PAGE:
Reflections: Tombstone unearthed in back yard


REFLECTIONS

By Evelyn Long - Contributing Columnist



It was almost 30 years ago that Jay and Diane Haycook were Roto-tilling a small plot of earth behind their home, 534 S. Marion St., in Cardington, preparing to plant some young tree saplings when the shovel blades struck stone. The couple plucked three large pieces of sandstone from the earth and placed them aside.

Later, after the trees were planted, they retrieved the stones and prepared to toss them on a rock pile. It was then they discovered, to their surprise, they had three sections of a tombstone.

Placed together, the inscription, plainly discernible as though it was en-graved a matter of weeks ago, noted “Lovina J. daught of Eliz and Nancy Baldin, died April 3, 1848 at the age of 11 months and 15 days.”

Loving hands had also carved a star burst figure and four arches at the top of the stone. Although the “w” was missing, probably omitted for space purposes, it is assumed the surname was Baldwin.

The Haycooks then began to search and found the Morrow County court- house records revealed no death or birth records available before 1867. The Baldwin parents were not even found in the marriage records. A court- house map revealed a portion of Cardington village and the township south of it was a part of Delaware County until March, 1848, one month before Lovina’s death.

A stroke of luck occurred when a check with the Morrow County Genealogical Society member, Marguerite Davis of Mount Gilead, directed the search to her next-door neighbor, Mrs. Dean Baldwin. Then the mystery began to unravel.

Mrs. Baldwin’s late husband was the great grandson of Elijah and Nancy Woods Baldwin. Little Lavina would have been Dean’s great- great aunt. Mrs Baldwin had researched her husband’s family tree extensively and with the help of her son and daughter-in-law, Mr. and Mrs. Gene Baldwin of Florida, filled in the line of descendants. Finding the grave site of Lavina, though, came as a surprise to them.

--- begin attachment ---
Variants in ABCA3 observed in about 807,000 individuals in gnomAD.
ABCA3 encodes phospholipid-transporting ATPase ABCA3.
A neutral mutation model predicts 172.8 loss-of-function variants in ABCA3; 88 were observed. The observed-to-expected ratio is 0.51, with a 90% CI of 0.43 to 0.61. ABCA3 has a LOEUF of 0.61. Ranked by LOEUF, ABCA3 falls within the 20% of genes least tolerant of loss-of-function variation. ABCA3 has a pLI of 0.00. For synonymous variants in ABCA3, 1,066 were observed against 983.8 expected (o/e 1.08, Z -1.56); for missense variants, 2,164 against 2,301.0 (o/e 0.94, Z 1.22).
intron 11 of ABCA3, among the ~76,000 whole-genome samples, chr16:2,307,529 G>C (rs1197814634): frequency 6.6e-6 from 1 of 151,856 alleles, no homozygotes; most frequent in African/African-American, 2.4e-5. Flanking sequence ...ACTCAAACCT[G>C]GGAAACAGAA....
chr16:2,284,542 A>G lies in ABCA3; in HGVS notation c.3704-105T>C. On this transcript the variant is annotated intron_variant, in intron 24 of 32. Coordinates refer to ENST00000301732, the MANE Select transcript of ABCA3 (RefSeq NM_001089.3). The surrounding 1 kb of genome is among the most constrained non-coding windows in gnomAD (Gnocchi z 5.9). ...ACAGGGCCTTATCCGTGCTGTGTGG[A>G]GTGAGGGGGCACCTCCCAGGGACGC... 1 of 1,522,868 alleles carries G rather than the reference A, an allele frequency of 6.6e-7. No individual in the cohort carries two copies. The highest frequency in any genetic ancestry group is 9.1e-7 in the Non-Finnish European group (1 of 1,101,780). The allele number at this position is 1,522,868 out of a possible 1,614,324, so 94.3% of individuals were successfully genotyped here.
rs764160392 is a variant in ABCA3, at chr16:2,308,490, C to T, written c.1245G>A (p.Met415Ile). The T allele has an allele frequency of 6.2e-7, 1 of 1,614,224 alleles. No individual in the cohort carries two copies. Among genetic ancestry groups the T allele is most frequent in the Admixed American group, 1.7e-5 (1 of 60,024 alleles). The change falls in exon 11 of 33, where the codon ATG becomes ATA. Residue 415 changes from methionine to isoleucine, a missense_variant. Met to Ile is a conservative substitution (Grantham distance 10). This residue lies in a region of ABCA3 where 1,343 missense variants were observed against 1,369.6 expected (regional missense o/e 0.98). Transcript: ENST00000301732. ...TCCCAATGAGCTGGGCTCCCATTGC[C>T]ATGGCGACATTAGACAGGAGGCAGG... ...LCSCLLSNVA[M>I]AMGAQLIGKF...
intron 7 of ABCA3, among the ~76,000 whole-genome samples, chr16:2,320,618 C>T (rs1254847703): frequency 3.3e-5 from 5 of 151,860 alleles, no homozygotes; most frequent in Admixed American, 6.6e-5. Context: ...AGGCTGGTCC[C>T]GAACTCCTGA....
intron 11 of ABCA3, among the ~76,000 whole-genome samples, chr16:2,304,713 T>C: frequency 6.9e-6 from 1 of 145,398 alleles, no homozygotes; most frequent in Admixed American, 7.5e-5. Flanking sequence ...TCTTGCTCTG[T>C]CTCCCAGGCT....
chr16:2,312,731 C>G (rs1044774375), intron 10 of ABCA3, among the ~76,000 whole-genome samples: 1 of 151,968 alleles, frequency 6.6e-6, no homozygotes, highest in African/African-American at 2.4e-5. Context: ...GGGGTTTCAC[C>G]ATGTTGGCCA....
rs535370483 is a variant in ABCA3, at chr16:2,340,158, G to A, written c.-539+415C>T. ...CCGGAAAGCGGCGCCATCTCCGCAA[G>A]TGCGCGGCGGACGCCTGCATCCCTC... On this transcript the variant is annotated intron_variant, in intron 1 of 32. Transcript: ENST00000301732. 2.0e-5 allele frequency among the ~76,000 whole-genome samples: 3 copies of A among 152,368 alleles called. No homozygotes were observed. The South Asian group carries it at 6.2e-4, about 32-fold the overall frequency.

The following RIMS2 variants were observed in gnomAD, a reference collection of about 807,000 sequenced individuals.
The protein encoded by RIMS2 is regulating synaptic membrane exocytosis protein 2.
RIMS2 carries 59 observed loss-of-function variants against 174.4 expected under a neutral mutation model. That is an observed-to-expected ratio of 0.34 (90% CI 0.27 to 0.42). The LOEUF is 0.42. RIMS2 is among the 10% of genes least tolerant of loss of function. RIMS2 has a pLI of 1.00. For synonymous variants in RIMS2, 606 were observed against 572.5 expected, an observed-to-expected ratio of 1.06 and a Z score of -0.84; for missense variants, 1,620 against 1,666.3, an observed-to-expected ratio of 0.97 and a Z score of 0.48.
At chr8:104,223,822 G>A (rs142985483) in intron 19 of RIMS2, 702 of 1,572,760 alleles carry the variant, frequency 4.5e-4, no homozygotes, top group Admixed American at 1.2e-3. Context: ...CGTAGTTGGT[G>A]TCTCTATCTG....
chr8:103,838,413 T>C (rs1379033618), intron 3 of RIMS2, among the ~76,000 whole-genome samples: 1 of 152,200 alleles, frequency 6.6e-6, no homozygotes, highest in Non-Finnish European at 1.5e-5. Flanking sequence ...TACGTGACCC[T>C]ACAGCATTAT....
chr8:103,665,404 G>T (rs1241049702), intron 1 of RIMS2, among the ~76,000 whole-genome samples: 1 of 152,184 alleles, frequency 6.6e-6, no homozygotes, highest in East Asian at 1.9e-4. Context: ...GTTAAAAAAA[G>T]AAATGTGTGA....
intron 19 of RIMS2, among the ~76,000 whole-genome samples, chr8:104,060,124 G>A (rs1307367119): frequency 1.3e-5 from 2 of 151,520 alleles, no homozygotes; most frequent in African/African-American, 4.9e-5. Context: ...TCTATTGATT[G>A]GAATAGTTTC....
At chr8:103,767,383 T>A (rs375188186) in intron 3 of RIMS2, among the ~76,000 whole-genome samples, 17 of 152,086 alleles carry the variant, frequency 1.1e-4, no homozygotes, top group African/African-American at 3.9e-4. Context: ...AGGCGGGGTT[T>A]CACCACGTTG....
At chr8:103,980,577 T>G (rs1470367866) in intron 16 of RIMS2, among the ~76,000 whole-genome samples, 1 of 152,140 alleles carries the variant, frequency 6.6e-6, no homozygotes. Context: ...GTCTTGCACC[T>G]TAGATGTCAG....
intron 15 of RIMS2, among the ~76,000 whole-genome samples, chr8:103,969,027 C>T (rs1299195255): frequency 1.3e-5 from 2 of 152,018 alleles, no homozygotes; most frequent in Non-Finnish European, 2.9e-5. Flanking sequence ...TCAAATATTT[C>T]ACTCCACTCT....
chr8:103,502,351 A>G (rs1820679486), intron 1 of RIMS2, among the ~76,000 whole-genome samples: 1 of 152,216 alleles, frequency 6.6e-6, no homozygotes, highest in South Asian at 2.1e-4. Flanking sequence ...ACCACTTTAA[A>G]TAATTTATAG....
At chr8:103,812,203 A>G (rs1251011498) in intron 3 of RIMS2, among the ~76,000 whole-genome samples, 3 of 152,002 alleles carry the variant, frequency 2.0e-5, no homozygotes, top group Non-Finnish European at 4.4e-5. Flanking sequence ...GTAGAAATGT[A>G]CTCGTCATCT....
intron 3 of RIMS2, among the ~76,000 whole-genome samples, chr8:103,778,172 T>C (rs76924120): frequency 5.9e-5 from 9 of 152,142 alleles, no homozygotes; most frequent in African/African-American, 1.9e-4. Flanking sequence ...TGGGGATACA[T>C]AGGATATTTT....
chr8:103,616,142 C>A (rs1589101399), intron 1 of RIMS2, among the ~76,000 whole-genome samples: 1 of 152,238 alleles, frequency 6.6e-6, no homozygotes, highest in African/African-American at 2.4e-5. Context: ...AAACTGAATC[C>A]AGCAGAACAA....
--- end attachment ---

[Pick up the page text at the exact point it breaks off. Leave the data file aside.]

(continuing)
It was learned from Mrs. Baldwin that her husband’s ancestors came to Morrow County in 1831. Elijah and Mrs. Baldwin, Sr., born in Berkshire, Mass, traveled with their son, Elijah Jr and his wife, Nancy Woods Baldwin from New York settling in what now is Peru Township near Ashley.

Eventually they purchased more land and in 1846 according to Delaware courthouse records, small acreage was purchased from Erastus Baldwin, no relation to the subject, by Elijah Baldwin in Lincoln Township, one year before Lovina’s birth.

This part of Lincoln Township then was in Delaware County. Lovina was born April 18, 1847, the seventh of nine children born to her parents. The family moved back to Ashley, Peru Township area. A family cemetery is located on the Baldwin homestead, east of Ashley just off 229 where the Baldwin memorial stone in Ashley Cemetery bears the name of Elijah and Nancy and their nine children. However, only Lovina’s birth date is listed. The same information is listed on a family stone at the Baldwin family cemetery.

Ownership of the South Marion Street property is unaccounted for from 1848 to 1874 when the property was transferred from Stephen and Nancy Brown to Nancy Baldwin, Lovina’s mother. In 1894 it was transferred to her heirs and again to her daughter, Malvina.

It left the Baldwin family in 1904 when it was sold to David Donovan. Later owners were Mr. and Mrs. George McClenathan and according to their daughter, Emma McClenathan Schwartz, they were never aware of Lovina’s burial location.

The Baldwin family expressed surprise at the discovery, but were content to know little Lovina is resting beneath the only earth upon which her tiny feet toddled 141 years ago. The Haycooks, who purchased the property in 1988 from Mrs. Ed Smiley, conducted no further excavation of the area which is near a large, gnarled and aged tree.

https://www.morrowcountysentinel.com/wp-content/uploads/sites/29/2019/01/web1_Long-EvelynBW-2.jpg
REFLECTIONS

By Evelyn Long

Contributing Columnist

Reach us at mcsnews@aimmediamidwest.com.

Reach us at mcsnews@aimmediamidwest.com.